One night I phoned him, wanting to clear up the extremely complex matter of his wives, his girlfriends, his children. He was alone in the suite, playing a guitar. “What you want to talk about that shit for?” he rasped, almost in agony. “My ex-wives? My ex-children?”
Old friends drift away in the wash of history. “Many people he’s known don’t call anymore,” Quincy Troupe told me. Troupe, Davis’s Boswell, knows Miles better than anyone knows him; he also remains mystified by him. “I saw Max Roach and Sonny Rollins the other day,” Troupe said. “They said, ‘How’s Miles?’ They used to all be like brothers! Miles still says, ‘Max is my brother.’ But they don’t see each other.
“The only thing he’s really cared about over the years is music. He lives for music. He wakes up thinking about it. He goes to bed thinking about it. He says it’s a curse.”
“Is either of your parents still alive?” I ask Miles.
“Nah, they’re dead.”
“When did they die?”
“I can’t remember. Think it was in the sixties.”
“Miles stays in the house,” Troupe said. “He gets his information from TV and newspapers. If he goes out, people recognize him; they bother him.”
Old men, T. S. Eliot once said, should be explorers. Miles has always been that, and now, as he approaches an age when many men seek their comfort, he continues to explore—fusion; funk; Zairian music, Antillean music, Nigerian music; ever more sophisticated rhythms and electronics. “Miles is always breaking new ground,” says Herbie Hancock (who’s broken some ground himself, and ruffled some feathers).
“It’s in his blood.” Old fans, stuck on memories of making love to Kind of Blue, howl in protest. “I think his devotion to electric music, and the wild costumes he wears onstage, is all very carefully thought out, and I think it’s absurd,” Charlie Davidson, of the Andover Shop, told me. “Now his idol is Prince!”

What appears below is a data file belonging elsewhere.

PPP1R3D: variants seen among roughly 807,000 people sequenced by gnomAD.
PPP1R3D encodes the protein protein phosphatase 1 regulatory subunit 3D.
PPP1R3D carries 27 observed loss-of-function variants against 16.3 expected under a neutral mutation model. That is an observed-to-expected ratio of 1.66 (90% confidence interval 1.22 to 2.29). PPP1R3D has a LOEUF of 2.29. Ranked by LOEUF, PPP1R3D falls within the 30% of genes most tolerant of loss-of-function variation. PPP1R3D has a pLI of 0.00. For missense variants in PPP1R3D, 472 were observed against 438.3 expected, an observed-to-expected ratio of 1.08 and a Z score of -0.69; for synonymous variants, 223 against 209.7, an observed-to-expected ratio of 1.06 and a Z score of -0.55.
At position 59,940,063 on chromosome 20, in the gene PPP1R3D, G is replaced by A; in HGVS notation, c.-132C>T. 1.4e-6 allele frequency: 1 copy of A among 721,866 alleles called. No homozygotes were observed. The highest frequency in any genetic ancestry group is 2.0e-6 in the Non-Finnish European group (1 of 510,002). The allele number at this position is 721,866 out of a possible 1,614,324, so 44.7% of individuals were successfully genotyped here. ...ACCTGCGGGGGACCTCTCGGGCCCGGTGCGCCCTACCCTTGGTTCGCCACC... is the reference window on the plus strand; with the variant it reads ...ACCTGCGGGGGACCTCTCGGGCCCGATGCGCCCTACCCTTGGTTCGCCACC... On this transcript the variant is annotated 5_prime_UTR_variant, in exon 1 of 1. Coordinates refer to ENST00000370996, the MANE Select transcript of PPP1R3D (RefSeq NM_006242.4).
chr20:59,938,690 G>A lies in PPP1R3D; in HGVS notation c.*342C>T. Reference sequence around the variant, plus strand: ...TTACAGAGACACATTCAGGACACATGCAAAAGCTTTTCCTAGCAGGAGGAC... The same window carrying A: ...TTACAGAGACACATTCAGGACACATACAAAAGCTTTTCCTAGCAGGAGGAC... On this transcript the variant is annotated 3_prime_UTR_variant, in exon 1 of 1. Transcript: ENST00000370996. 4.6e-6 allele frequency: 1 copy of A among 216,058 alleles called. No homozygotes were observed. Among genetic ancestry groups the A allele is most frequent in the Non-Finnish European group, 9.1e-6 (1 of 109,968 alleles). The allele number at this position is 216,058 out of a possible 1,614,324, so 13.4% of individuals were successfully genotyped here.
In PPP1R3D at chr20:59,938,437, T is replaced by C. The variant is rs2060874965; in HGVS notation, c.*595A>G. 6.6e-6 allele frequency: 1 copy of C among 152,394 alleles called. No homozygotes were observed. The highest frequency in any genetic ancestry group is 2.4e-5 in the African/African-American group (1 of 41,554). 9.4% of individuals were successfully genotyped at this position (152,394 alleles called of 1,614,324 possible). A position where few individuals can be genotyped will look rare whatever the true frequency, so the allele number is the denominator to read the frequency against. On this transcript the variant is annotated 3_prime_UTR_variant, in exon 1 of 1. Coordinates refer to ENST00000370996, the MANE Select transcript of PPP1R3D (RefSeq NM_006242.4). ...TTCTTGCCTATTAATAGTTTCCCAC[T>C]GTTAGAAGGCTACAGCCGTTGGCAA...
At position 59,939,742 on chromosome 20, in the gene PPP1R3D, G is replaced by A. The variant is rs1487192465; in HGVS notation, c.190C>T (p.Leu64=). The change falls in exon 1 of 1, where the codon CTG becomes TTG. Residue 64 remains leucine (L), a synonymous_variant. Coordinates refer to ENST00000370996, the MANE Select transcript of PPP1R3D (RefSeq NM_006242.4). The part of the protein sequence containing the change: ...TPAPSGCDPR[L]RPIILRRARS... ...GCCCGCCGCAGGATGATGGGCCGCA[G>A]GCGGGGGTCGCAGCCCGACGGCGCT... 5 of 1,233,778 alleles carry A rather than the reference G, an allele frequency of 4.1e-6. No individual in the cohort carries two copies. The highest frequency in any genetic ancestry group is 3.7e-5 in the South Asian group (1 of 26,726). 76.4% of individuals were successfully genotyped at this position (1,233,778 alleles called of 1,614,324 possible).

“I was gettin’ ready to get in a limousine, in Los Angeles,’’ Miles says. “Prince walked up behind me and said, ‘Hello, Mr. Davis.’ I spent some time with him at New Year’s Eve last year. He talks to me; I call him up. You know, I told him, he gets so thin that I worry about him. I said, ‘Just call me.’ ”
“What do you listen to these days?” I ask Miles.
“I like the rap music, you know, because it has no direction—it’s just raw. I have a girlfriend that’s German, and her son goes to sleep to Run-D.M.C.! He won’t go to sleep without she puts the cassette on. They asked me to play with ’em, you know. Run-D.M.C. ‘Cause I was always fuckin’ with ’em in the Grammy Awards. Said, ‘Man, what you doin’ here? You ain’t gonna win anything.’ ”
Miles Davis and I are alone in his hotel suite, listening to his new album. The sound is electric, polyrhythmic, soulful, Afro-Caribbean. The trumpet is supple and laconic, as virtuosic as ever, as coolly passionate. I’m reminded of what Herbie Hancock told me: “I think he sounds beautiful these days. When he first got the electric groups together, I thought, This is the fruit of what he was looking for when he played with us.”
But somehow this driving Afro-funk makes me recall how beautifully Miles has always played ballads—the longing expressed all the more strongly by the restraint. And I can’t help myself. It just pops out: “Will you play standards anymore?” I ask him. “Would you ever play ‘Body and Soul’?”
I regret the question as soon as I ask it; I’ve seen how easily his friendliness turns to scorn. But for a second he looks almost sad. “I was hummin’ that last night,” he says, and the idea of Miles, alone in his suite, humming “Body and Soul,” is nearly overwhelming. Then the scorn comes. “These kids don’t know anything about ‘Body and Soul,’ ” he rasps.
The wind rattles the heavy panes of the Essex House. Miles Davis is walking into time.
[Photo Credit: Den Haag]